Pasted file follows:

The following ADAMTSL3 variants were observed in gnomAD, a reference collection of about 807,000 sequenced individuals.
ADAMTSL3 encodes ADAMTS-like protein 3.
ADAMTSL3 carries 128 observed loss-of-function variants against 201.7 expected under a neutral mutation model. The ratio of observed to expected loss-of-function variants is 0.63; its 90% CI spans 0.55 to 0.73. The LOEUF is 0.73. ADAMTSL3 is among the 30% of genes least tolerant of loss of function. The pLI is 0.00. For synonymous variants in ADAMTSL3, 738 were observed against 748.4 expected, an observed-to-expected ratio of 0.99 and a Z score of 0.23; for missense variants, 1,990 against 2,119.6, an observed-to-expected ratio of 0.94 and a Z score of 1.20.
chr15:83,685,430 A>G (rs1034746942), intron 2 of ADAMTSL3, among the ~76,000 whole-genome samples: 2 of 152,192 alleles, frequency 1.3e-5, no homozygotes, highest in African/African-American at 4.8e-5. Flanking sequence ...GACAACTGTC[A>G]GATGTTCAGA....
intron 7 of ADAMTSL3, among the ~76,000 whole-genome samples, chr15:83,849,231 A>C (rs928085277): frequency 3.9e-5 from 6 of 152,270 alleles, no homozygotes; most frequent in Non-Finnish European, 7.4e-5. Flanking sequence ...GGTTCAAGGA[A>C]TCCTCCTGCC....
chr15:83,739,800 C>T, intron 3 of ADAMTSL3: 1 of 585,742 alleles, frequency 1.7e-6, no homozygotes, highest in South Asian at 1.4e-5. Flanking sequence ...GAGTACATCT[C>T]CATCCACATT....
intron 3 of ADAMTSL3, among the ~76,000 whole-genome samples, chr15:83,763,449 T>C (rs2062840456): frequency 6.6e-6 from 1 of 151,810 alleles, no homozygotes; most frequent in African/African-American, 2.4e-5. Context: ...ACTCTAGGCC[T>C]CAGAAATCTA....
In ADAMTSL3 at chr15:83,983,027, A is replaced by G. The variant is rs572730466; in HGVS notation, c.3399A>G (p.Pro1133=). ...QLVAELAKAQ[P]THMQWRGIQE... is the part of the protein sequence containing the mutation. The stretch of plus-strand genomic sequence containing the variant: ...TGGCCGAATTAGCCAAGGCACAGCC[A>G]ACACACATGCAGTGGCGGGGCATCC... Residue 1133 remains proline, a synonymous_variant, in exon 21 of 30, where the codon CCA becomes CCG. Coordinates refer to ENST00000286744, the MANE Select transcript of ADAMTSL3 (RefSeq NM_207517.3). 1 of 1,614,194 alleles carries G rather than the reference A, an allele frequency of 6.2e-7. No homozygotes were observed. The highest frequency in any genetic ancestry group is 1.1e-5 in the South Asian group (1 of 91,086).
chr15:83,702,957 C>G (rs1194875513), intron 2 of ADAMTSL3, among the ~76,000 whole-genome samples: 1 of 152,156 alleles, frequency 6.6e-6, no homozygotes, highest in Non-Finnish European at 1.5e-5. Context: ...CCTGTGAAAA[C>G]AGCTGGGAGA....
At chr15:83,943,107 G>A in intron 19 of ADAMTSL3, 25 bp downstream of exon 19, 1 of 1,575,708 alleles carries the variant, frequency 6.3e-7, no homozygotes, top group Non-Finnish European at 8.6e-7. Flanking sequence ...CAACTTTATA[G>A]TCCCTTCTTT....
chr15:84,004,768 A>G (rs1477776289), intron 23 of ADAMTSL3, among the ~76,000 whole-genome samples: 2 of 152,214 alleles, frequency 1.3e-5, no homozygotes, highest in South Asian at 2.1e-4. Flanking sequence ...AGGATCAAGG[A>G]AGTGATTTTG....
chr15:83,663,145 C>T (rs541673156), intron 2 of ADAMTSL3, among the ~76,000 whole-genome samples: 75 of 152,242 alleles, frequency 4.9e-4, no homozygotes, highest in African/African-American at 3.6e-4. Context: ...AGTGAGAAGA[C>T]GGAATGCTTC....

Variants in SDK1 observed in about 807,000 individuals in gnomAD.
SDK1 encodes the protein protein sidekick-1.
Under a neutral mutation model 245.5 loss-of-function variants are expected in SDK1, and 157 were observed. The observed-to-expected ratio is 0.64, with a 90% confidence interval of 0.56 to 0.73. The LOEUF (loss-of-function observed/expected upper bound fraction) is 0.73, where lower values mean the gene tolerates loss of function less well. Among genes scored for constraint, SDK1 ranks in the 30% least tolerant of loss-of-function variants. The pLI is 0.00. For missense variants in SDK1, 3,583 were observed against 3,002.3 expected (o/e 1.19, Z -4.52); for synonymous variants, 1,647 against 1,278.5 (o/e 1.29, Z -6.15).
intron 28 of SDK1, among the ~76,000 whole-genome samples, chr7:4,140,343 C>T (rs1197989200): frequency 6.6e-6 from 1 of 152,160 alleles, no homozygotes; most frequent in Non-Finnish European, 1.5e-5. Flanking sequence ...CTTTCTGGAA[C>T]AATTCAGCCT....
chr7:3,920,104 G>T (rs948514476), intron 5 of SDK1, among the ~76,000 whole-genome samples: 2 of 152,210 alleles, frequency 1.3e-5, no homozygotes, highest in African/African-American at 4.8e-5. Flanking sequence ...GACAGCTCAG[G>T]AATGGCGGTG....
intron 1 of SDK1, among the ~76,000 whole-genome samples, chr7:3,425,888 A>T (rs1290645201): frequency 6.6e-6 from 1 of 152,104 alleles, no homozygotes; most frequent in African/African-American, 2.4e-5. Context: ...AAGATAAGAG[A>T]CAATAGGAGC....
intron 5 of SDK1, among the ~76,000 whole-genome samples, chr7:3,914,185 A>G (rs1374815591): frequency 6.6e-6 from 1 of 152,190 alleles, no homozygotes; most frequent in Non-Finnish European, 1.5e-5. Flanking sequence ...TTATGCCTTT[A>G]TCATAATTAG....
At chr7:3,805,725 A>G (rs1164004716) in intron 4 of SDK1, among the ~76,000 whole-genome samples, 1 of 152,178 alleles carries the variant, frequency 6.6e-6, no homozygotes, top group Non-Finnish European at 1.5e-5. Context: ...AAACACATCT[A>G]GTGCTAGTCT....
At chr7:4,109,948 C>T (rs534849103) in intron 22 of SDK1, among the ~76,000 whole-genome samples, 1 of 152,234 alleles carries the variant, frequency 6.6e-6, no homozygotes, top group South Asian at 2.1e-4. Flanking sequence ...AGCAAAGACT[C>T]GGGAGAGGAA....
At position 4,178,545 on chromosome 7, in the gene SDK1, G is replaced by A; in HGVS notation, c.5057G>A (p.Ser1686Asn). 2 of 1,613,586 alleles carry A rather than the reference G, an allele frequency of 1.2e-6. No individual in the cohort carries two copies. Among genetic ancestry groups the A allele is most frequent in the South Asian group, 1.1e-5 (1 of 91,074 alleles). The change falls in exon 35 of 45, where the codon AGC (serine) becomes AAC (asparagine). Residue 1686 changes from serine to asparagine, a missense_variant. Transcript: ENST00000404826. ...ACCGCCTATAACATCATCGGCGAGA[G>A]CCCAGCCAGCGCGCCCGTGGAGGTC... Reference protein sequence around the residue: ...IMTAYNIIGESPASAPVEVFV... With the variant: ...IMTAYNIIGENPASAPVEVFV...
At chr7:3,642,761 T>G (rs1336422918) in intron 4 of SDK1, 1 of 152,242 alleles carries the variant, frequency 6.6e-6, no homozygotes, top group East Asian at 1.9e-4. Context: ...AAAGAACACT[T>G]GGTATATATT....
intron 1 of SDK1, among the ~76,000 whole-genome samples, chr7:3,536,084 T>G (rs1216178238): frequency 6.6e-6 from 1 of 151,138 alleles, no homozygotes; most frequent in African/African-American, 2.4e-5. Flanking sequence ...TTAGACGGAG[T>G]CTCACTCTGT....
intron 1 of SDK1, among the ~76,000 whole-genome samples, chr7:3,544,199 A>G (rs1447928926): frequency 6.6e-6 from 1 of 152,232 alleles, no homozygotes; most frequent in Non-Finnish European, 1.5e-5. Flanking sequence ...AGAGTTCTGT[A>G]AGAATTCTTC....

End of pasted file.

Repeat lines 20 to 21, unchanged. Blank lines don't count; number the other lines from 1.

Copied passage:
At chr7:3,805,725 A>G (rs1164004716) in intron 4 of SDK1, among the ~76,000 whole-genome samples, 1 of 152,178 alleles carries the variant, frequency 6.6e-6, no homozygotes, top group Non-Finnish European at 1.5e-5. Context: ...AAACACATCT[A>G]GTGCTAGTCT....
At chr7:4,109,948 C>T (rs534849103) in intron 22 of SDK1, among the ~76,000 whole-genome samples, 1 of 152,234 alleles carries the variant, frequency 6.6e-6, no homozygotes, top group South Asian at 2.1e-4. Flanking sequence ...AGCAAAGACT[C>T]GGGAGAGGAA....